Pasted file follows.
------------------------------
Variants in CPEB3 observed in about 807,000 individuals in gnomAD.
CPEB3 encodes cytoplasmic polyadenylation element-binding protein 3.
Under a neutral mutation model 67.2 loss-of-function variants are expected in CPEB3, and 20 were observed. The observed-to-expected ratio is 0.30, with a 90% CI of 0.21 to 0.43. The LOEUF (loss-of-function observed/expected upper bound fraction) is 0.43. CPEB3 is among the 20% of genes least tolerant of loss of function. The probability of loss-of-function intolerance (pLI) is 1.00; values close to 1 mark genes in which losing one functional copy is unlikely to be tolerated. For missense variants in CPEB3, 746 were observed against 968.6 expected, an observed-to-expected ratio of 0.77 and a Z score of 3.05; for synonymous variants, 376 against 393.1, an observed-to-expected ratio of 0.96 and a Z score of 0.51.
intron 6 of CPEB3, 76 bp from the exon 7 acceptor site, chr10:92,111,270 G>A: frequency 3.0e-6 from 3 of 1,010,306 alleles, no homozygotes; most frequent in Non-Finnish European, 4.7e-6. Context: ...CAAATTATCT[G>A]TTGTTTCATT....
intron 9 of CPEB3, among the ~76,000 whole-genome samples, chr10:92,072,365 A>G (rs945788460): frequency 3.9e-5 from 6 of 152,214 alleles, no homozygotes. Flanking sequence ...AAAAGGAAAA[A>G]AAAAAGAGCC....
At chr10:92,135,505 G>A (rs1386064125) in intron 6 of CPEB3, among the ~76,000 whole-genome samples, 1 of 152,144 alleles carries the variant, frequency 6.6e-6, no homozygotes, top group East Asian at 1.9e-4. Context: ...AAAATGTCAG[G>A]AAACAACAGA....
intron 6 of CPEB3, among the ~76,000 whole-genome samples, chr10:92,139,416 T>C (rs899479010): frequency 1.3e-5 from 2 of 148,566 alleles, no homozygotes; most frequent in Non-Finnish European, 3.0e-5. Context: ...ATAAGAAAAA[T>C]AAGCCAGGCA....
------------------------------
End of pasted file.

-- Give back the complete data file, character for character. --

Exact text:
Variants in CPEB3 observed in about 807,000 individuals in gnomAD.
CPEB3 encodes cytoplasmic polyadenylation element-binding protein 3.
Under a neutral mutation model 67.2 loss-of-function variants are expected in CPEB3, and 20 were observed. The observed-to-expected ratio is 0.30, with a 90% CI of 0.21 to 0.43. The LOEUF (loss-of-function observed/expected upper bound fraction) is 0.43. CPEB3 is among the 20% of genes least tolerant of loss of function. The probability of loss-of-function intolerance (pLI) is 1.00; values close to 1 mark genes in which losing one functional copy is unlikely to be tolerated. For missense variants in CPEB3, 746 were observed against 968.6 expected, an observed-to-expected ratio of 0.77 and a Z score of 3.05; for synonymous variants, 376 against 393.1, an observed-to-expected ratio of 0.96 and a Z score of 0.51.
intron 6 of CPEB3, 76 bp from the exon 7 acceptor site, chr10:92,111,270 G>A: frequency 3.0e-6 from 3 of 1,010,306 alleles, no homozygotes; most frequent in Non-Finnish European, 4.7e-6. Context: ...CAAATTATCT[G>A]TTGTTTCATT....
intron 9 of CPEB3, among the ~76,000 whole-genome samples, chr10:92,072,365 A>G (rs945788460): frequency 3.9e-5 from 6 of 152,214 alleles, no homozygotes. Flanking sequence ...AAAAGGAAAA[A>G]AAAAAGAGCC....
At chr10:92,135,505 G>A (rs1386064125) in intron 6 of CPEB3, among the ~76,000 whole-genome samples, 1 of 152,144 alleles carries the variant, frequency 6.6e-6, no homozygotes, top group East Asian at 1.9e-4. Context: ...AAAATGTCAG[G>A]AAACAACAGA....
intron 6 of CPEB3, among the ~76,000 whole-genome samples, chr10:92,139,416 T>C (rs899479010): frequency 1.3e-5 from 2 of 148,566 alleles, no homozygotes; most frequent in Non-Finnish European, 3.0e-5. Context: ...ATAAGAAAAA[T>C]AAGCCAGGCA....